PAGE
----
6 Things I Tell People Before They Start Talking About Race

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It seems like everywhere you turn these days, you’ll hear race at the center of conversation. It doesn’t matter if it’s sports talk radio, the nightly news, social media or your favorite television show. Everyone is talking about race. If you or someone you know has been reluctant to engage in the conversation, here are some things you should know:

1. It’s not as scary as it seems.

Polarizing conversations are hard, and few conversations are more polarizing than dialog along racial lines. Racial discussion is driven by people on the extreme outer edges, and for that reason can appear scarier than it actually is. Reasonable people can engage in tough talks without stooping to personal attacks or harmful rhetoric.

2. Listen. 

None of us get to interpret someone else’s experience for them, but I’ve witnessed people try over and over again. I once heard it said that: a person with an experience is never at the mercy of a person with an argument. Approaching issues of race from a solely statistical point of view dishonors the human experience at the core of the conversation. When a person shares their story about how their race has impacted their lives, our job is to listen.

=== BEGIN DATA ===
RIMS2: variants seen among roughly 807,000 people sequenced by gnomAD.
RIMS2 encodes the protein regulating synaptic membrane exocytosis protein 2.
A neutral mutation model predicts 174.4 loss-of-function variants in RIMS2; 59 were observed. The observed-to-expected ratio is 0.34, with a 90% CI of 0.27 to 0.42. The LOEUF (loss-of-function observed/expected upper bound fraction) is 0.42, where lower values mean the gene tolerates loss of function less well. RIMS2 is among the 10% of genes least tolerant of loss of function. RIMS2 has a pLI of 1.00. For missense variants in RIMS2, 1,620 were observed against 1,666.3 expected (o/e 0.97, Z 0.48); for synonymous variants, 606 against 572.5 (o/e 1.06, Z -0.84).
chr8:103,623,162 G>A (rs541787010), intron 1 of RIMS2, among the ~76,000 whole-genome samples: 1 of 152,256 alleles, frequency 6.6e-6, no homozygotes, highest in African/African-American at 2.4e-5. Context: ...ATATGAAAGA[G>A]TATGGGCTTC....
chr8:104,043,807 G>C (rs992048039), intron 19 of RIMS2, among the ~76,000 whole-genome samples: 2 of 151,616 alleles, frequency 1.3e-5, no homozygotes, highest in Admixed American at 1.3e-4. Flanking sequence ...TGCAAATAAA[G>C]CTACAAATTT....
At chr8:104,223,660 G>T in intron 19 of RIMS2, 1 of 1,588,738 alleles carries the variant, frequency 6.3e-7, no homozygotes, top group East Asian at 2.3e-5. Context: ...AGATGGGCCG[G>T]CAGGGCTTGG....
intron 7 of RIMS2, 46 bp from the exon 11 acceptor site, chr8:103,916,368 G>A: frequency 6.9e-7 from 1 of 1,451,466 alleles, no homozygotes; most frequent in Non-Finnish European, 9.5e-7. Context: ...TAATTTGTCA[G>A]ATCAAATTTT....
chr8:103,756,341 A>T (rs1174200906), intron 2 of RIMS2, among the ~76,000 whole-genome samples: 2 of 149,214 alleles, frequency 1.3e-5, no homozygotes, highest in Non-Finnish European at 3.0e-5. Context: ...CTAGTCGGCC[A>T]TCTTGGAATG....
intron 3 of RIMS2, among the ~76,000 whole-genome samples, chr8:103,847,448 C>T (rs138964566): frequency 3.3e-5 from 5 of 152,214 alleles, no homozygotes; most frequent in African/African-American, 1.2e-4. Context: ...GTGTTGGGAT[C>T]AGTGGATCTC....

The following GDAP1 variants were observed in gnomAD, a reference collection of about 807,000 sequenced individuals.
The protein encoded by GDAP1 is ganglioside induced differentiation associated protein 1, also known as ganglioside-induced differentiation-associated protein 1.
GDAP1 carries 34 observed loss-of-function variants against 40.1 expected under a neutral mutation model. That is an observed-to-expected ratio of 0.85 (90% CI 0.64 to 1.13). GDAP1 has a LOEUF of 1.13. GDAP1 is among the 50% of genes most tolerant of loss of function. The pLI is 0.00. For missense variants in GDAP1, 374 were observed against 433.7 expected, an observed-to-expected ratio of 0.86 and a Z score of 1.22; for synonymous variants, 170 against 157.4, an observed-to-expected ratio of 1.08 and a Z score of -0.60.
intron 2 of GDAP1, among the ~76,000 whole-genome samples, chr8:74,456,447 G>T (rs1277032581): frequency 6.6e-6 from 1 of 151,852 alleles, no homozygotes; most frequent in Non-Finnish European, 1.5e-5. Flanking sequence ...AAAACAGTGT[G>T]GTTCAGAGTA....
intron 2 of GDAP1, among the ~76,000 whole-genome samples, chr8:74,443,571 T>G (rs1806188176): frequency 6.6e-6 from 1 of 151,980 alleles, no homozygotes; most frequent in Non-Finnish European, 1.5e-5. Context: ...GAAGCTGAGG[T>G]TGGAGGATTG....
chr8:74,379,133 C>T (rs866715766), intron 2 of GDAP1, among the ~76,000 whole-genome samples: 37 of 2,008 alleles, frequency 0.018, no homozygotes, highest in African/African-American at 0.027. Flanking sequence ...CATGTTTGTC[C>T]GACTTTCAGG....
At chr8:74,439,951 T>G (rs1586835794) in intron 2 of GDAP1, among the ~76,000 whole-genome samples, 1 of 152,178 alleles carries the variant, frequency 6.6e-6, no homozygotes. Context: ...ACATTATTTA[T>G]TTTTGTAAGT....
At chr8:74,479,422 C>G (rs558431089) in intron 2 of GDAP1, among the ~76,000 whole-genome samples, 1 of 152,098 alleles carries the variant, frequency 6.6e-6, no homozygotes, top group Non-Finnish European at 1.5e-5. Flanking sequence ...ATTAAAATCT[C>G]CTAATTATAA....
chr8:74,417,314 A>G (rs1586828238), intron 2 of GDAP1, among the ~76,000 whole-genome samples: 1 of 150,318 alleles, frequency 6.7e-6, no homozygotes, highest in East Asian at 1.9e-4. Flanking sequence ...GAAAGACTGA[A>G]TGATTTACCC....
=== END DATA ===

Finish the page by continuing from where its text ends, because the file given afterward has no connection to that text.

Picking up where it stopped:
3. Don’t try to “win”.

It seems like some people jump into important conversations to win an argument or prove how intelligent they are. That type of approach isn’t helpful when engaging in a discourse aimed at healing. If my goal is to help, then I have little time for going back and forth with someone intent on proving that they are right.  No one wins a shouting match, so don’t bother trying.

4. Know when to walk away.

If you are a person trying to move us forward as a society, then it’s important to recognize that not everyone has that same agenda. There is a difference between an ignorant fool and an arrogant fool. The former is open to dialog and growth. The latter is looking to validate their own bias.

5. Play the long game. 

The race conversation has been around for thousands of years, so don’t approach it from the naive prospective that your experiences, ideas, questions, or data will have an overnight affect. When we adjust to the reality that every generation has a responsibility to chip away at hatred and injustice, we have more peace and a greater sense of resolve. We could be the generation to end racism, but only time will tell.

6. Privilege affects your lens

None of us can do anything about our history. We can’t change the family we were born into, the ethnicity we were born a part of or the path our parents put us on. We bring all of that to the conversations we have. If I enter a race conversation from a place of privilege, it will affect what I say and how I say it. White people talking about issues of race are without question speaking from a place of privilege. It’s not something to be sorry for or feel guilty over. Neither of those sentiments are actually helpful. It is helpful to recognize that a privileged lens blinds you to what it feels like to be a minority, which makes #2 your most valuable take away.

 

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